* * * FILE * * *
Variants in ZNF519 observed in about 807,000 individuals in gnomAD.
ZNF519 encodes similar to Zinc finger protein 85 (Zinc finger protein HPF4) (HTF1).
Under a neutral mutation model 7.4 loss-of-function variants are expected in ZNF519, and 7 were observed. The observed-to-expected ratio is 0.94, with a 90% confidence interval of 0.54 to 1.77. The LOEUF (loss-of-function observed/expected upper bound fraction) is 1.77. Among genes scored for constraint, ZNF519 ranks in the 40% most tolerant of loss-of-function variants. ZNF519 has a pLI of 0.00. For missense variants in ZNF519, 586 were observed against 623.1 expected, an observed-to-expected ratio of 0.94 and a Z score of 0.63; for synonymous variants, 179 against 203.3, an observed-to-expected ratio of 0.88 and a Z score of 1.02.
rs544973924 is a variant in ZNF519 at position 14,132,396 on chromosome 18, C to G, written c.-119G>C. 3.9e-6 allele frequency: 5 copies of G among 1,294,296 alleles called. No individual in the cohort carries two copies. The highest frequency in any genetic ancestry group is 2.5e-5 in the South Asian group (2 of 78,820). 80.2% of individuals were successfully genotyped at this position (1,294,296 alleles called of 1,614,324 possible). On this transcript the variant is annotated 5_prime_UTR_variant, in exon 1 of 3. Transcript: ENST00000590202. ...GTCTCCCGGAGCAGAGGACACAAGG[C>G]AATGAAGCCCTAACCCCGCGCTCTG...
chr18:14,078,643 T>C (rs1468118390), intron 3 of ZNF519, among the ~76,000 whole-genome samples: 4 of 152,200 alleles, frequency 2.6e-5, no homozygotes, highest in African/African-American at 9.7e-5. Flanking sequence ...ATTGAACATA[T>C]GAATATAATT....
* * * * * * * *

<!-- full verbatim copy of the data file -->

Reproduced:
Variants in ZNF519 observed in about 807,000 individuals in gnomAD.
ZNF519 encodes similar to Zinc finger protein 85 (Zinc finger protein HPF4) (HTF1).
Under a neutral mutation model 7.4 loss-of-function variants are expected in ZNF519, and 7 were observed. The observed-to-expected ratio is 0.94, with a 90% confidence interval of 0.54 to 1.77. The LOEUF (loss-of-function observed/expected upper bound fraction) is 1.77. Among genes scored for constraint, ZNF519 ranks in the 40% most tolerant of loss-of-function variants. ZNF519 has a pLI of 0.00. For missense variants in ZNF519, 586 were observed against 623.1 expected, an observed-to-expected ratio of 0.94 and a Z score of 0.63; for synonymous variants, 179 against 203.3, an observed-to-expected ratio of 0.88 and a Z score of 1.02.
rs544973924 is a variant in ZNF519 at position 14,132,396 on chromosome 18, C to G, written c.-119G>C. 3.9e-6 allele frequency: 5 copies of G among 1,294,296 alleles called. No individual in the cohort carries two copies. The highest frequency in any genetic ancestry group is 2.5e-5 in the South Asian group (2 of 78,820). 80.2% of individuals were successfully genotyped at this position (1,294,296 alleles called of 1,614,324 possible). On this transcript the variant is annotated 5_prime_UTR_variant, in exon 1 of 3. Transcript: ENST00000590202. ...GTCTCCCGGAGCAGAGGACACAAGG[C>G]AATGAAGCCCTAACCCCGCGCTCTG...
chr18:14,078,643 T>C (rs1468118390), intron 3 of ZNF519, among the ~76,000 whole-genome samples: 4 of 152,200 alleles, frequency 2.6e-5, no homozygotes, highest in African/African-American at 9.7e-5. Flanking sequence ...ATTGAACATA[T>C]GAATATAATT....